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How Healthy Are These "Health Foods?" We Asked Top Nutritionists to Find Out

Which ones are actually healthy and which ones are just "healthy?"
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GG Crackers

Claim: GG Crackers claim to be appetite-controlling high-fiber crackers.

What the experts say: "These are made with simple ingredients and provide four grams of insoluble dietary fiber per serving, which is of benefit for our digestive system as well as our appetite," says Susan Piergeorge, MS, RDN and nutritionist for Rainbow Light and Natural Vitality Calm. "They also serve as a great vehicle for your favorite spreads to round out a snack such as nut butter, hummus, guacamole, egg, tuna, or chicken salad, salmon with some cream cheese or cottage cheese."

Verdict: Healthy!



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Sakara Life Beauty Super Bar

Claim: Sakara Life Beauty Super Bars are said to be made with a patent-pending skin-beautifying ingredient clinically shown to make skin look clearer, brighter and firmer. They're also marketed as a high-fiber, low-sugar bar.

What the experts say: "This product gets a big eye roll from me," says nutrition expert Natalie Smotkin, CNTP. "The ingredients are inherently clean, but I wouldn't recommend eating more than one a day since it has 11 grams of sugar per bar. Per the studies conducted on the product, you would have to eat a bar a day for 8-12 weeks to achieve 'glowing skin.' You're better off eating real, whole, naturally occurring fruits and veggies that help balance your hormones and in turn brighten your skin. This product, and seemingly the entire brand, seem to capitalize on and perpetuate the insecurities of women and devalues the real definition of wellness. With testimonials from their products that read 'I lost 5 pounds in two weeks!,' I can conclude that this company is not in the business of wellness but luring people into buying their products with unrealistic expectations."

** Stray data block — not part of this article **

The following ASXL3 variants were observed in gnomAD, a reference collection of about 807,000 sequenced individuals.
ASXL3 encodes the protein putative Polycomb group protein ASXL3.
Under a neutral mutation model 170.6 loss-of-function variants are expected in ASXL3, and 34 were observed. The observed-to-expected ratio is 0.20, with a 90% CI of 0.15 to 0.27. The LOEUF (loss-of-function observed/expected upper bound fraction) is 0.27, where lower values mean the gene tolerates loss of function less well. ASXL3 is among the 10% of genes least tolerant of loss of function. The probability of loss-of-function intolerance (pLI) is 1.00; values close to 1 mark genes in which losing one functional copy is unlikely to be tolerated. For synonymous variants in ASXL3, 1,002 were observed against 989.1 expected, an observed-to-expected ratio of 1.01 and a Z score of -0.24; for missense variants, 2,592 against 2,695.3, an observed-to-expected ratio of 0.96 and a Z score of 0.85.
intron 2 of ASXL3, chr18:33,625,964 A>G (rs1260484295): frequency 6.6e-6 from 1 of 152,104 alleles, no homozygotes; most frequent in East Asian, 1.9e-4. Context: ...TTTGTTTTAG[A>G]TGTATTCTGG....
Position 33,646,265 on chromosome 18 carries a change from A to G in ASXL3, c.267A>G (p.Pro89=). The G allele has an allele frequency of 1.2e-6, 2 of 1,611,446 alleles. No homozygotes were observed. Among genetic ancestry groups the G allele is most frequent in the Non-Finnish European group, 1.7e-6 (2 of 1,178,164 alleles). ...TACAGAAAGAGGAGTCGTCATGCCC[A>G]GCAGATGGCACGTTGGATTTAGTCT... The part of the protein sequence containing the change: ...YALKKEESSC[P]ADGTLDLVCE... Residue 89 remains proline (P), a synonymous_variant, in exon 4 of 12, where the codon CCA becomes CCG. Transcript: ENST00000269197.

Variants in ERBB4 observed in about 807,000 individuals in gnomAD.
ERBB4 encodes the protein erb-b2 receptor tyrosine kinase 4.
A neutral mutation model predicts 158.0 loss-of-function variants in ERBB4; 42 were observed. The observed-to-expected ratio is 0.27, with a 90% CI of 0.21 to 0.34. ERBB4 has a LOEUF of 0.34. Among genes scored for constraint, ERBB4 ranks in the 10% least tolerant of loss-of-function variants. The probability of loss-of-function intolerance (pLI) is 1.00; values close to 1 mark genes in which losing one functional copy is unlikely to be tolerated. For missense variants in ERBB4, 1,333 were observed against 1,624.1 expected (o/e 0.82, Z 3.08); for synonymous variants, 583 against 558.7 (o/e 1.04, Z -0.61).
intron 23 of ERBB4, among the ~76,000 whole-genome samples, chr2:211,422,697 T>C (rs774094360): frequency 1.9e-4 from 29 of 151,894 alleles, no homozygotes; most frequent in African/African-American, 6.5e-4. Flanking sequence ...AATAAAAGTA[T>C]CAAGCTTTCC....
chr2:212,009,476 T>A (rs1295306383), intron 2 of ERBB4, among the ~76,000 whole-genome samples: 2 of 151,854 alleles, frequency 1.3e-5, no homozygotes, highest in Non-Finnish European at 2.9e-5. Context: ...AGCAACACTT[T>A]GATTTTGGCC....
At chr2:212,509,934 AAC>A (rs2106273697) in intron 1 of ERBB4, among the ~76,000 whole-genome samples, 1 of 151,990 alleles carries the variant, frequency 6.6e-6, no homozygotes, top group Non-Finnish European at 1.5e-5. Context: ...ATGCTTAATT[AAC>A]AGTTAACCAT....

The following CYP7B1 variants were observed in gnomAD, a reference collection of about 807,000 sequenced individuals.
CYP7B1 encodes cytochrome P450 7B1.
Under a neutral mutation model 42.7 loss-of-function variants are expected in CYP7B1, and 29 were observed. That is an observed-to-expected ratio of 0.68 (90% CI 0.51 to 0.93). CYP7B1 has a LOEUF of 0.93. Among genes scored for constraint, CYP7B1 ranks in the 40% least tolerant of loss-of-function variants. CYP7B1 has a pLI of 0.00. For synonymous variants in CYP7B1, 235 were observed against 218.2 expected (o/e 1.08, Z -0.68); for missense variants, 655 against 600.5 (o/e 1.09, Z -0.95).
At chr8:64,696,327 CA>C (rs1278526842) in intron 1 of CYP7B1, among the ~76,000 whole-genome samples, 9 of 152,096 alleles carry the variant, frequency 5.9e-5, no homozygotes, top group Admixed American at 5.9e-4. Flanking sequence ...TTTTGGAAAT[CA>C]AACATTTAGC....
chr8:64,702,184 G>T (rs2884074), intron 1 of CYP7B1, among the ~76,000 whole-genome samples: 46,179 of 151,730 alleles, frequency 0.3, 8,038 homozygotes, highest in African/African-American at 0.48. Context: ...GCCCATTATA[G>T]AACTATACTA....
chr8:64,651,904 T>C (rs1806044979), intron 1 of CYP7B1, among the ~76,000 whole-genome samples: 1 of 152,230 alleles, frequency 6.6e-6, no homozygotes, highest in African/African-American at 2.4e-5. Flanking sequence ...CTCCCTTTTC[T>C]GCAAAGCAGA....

Verdict: Not necessarily unhealthy! But it has unrealistic goals!



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Right Rice

Claim: Right Rice markets itself as vegetable grain that tastes and feels just like traditional white rice, but contains more than two times the protein and five times the fiber of white rice.

What the experts say: "Right Rice solves the problem for the generally empty nutritional profile of rice by adding more fiber, protein and lowering net carbs," says Smotkin. "The ingredients are simple, clean and natural which makes them a great option for any meal. The caveat with Right Rice is for people who don't do well with digesting legumes since it uses chickpeas and lentils in its proprietary blend."

Verdict: Healthy!



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PB2

Claim: PB2 is an alternative to nut butters with less calories and fat.

What the experts say: "If you're a true nut lover and you've tasted Pb2, you might be disappointed with the low-fat, low-calorie alternative because it's a bit chalky and can be difficult to produce the same creamy consistency," says nutritionist and holistic health coach Jen Silverman. "However, for 60 calories and 1.5g of fat, compared to 190 calories and 16g of fat in a real nut butter, I'd say it's a win! Add them to smoothies, spread them on bread, crackers or fruits. Pb2 is a good flavor match, but because it's significantly lower in fat and calories, it won't satiate you the same as nuts or a true nut butter."

Verdict: Healthy, albeit not quite as tasty as a true nut butter!



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Lily's Sweets

Claim: Lily's Sweets markets itself as better-for you, stevia-sweetened chocolate.

What the experts say: "Is Lily's lower in sugar than your standard chocolate bar? Yes. Is it better for you? No!" says Silverman. "Lily's uses erythritol, a sugar alcohol that can cause digestive issues such as diarrhea and other negative health outcomes. I encourage clients to eat dark chocolate (85 percent cacao) instead. Not only is it lower in sugar, but it's higher in antioxidants."

Verdict: Not healthy!

Image via @lilys_sweets



BY SHARON FEIEREISEN | FEB 6, 2020 | SHARES
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